The lack of veterinary care faced by communities across the globe will become even more devastating to animal health, farmer livelihoods and the environment as extreme weather and rising global temperatures caused by climate change wreak havoc on livestock health in the coming years. Warmer temperatures not only increase risks of food and water shortages, but also vector-borne diseases such as Lyme disease, bluetongue, lumpy skin disease, and infections such as an increased occurrence of mastitis in dairy cows. Climate change is projected to cost cattle producers up to $40 billion in financial losses annually by the end of this century; 20 percent of which is linked to disease.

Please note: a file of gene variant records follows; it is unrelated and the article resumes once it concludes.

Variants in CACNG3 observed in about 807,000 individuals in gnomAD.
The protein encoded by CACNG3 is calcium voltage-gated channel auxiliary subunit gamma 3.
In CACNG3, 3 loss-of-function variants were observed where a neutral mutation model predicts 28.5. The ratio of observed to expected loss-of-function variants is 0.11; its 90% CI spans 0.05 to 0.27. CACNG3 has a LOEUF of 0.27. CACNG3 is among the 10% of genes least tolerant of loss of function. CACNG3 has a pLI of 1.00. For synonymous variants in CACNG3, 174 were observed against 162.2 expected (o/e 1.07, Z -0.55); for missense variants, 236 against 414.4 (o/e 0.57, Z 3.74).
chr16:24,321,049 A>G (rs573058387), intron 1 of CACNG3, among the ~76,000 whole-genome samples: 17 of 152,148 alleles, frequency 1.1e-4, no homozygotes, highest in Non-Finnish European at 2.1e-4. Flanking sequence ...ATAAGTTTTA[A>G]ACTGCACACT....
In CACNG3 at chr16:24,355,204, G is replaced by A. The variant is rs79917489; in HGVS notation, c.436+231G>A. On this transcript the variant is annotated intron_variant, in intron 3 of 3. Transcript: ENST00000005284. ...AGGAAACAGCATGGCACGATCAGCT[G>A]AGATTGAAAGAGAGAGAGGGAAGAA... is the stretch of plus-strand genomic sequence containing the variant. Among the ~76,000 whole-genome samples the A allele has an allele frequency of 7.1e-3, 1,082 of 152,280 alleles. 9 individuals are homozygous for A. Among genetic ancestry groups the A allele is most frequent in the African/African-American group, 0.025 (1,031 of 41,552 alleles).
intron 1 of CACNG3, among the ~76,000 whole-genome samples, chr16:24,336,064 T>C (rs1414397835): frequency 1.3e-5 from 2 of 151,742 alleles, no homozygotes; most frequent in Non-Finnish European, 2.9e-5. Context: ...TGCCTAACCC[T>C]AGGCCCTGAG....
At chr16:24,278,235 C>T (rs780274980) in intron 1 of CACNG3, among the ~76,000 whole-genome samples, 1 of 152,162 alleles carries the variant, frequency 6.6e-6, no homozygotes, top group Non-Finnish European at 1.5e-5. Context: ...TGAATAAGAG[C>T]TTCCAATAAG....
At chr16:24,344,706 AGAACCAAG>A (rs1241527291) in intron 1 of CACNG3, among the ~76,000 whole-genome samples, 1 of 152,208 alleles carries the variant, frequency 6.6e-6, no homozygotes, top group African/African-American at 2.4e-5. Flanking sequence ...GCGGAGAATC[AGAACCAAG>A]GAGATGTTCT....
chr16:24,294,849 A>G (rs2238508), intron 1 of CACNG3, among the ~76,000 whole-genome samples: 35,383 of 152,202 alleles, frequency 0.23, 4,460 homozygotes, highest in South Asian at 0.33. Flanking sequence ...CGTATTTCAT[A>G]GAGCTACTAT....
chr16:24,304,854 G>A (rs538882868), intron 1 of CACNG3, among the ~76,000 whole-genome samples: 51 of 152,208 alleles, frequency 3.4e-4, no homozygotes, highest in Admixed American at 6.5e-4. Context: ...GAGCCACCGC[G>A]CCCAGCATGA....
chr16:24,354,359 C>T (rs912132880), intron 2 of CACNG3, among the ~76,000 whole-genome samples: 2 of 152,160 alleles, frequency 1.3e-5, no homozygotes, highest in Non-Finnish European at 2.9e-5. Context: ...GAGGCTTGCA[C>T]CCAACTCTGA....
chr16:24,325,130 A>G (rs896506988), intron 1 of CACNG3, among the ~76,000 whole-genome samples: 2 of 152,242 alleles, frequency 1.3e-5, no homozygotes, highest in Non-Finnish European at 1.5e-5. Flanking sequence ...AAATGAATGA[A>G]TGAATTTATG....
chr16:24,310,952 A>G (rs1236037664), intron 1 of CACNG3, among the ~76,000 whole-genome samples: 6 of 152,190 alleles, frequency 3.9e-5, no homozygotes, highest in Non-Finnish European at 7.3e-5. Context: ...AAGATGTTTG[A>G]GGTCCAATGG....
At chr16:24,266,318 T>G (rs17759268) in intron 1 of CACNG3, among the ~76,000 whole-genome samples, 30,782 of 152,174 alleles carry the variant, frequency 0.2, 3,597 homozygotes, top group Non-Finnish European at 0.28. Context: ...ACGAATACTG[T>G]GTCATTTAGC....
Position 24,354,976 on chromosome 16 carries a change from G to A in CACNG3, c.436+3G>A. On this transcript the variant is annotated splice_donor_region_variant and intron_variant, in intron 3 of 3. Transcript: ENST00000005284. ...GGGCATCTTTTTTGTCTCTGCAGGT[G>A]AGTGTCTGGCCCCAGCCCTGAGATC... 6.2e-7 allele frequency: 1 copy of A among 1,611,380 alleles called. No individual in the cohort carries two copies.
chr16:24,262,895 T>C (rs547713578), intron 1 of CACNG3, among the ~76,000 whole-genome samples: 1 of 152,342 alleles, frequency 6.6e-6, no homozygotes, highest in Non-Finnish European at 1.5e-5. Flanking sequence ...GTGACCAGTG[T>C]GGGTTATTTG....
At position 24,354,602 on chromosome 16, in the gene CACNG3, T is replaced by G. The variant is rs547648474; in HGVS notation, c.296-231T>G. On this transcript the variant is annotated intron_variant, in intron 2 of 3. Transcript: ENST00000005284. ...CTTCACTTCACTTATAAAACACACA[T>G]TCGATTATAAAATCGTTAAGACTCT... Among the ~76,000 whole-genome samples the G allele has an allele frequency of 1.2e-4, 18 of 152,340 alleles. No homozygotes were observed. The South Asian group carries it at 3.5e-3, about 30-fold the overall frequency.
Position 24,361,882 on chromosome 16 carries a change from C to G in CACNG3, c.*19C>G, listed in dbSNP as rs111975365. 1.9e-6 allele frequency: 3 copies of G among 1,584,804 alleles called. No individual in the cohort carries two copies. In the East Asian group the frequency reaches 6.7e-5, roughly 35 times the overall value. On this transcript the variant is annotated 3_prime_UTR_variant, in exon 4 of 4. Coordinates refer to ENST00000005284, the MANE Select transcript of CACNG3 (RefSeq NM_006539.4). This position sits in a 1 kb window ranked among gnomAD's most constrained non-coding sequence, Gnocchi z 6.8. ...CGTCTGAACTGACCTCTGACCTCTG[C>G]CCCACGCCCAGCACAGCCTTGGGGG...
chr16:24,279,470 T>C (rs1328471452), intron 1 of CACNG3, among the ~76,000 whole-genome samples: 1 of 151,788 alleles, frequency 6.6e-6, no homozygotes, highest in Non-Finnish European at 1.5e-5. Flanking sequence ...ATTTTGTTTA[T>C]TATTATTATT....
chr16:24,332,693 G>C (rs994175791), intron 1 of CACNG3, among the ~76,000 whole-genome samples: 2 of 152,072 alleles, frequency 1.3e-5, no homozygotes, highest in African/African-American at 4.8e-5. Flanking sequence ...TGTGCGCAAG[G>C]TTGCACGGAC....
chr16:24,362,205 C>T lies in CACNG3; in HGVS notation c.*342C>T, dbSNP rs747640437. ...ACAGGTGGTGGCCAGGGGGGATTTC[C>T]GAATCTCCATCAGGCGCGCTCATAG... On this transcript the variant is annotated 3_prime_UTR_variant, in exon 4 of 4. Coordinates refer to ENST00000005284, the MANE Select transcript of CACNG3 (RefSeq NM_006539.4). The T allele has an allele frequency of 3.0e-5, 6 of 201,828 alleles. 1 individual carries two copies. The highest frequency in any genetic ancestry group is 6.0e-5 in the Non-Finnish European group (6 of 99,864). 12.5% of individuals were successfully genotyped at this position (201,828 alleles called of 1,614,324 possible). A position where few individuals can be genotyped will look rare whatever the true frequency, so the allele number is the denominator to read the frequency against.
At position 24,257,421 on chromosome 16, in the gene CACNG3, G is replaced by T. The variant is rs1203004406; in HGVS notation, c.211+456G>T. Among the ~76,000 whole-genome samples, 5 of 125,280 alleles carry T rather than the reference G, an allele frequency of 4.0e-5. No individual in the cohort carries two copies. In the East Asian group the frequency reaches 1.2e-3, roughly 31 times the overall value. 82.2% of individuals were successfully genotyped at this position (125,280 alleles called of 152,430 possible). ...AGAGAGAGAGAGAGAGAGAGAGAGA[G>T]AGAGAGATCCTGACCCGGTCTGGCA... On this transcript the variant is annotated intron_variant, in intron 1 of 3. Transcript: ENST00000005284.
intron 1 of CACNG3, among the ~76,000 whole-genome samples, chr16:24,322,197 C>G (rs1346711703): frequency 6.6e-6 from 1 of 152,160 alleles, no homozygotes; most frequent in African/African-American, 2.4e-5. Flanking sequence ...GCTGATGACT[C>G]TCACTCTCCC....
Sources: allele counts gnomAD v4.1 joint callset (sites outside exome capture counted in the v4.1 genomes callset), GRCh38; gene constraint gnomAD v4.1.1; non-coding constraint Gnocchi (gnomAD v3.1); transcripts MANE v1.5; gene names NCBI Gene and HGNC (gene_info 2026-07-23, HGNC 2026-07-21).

Efforts are being made to advance quality animal care. Over the past five years, through our African Livestock Productivity and Health Advancement (ALPHA) initiative (launched in partnership with the Bill & Melinda Gates Foundation) we have seen firsthand the impact that access to quality veterinary medicines and services, diagnostic laboratory networks and veterinary training can have in Sub-Saharan Africa. As a result of introducing veterinary livestock products to the region including vaccines, parasitic treatments and medicines; providing access to operational serology labs where diagnostic testing can be performed; and getting more farmers, veterinarians and para-veterinarians trained, we have seen 128 million animals receive quality prevention and treatment for disease — thereby ensuring healthier animals produce the meat, milk and eggs the region needs.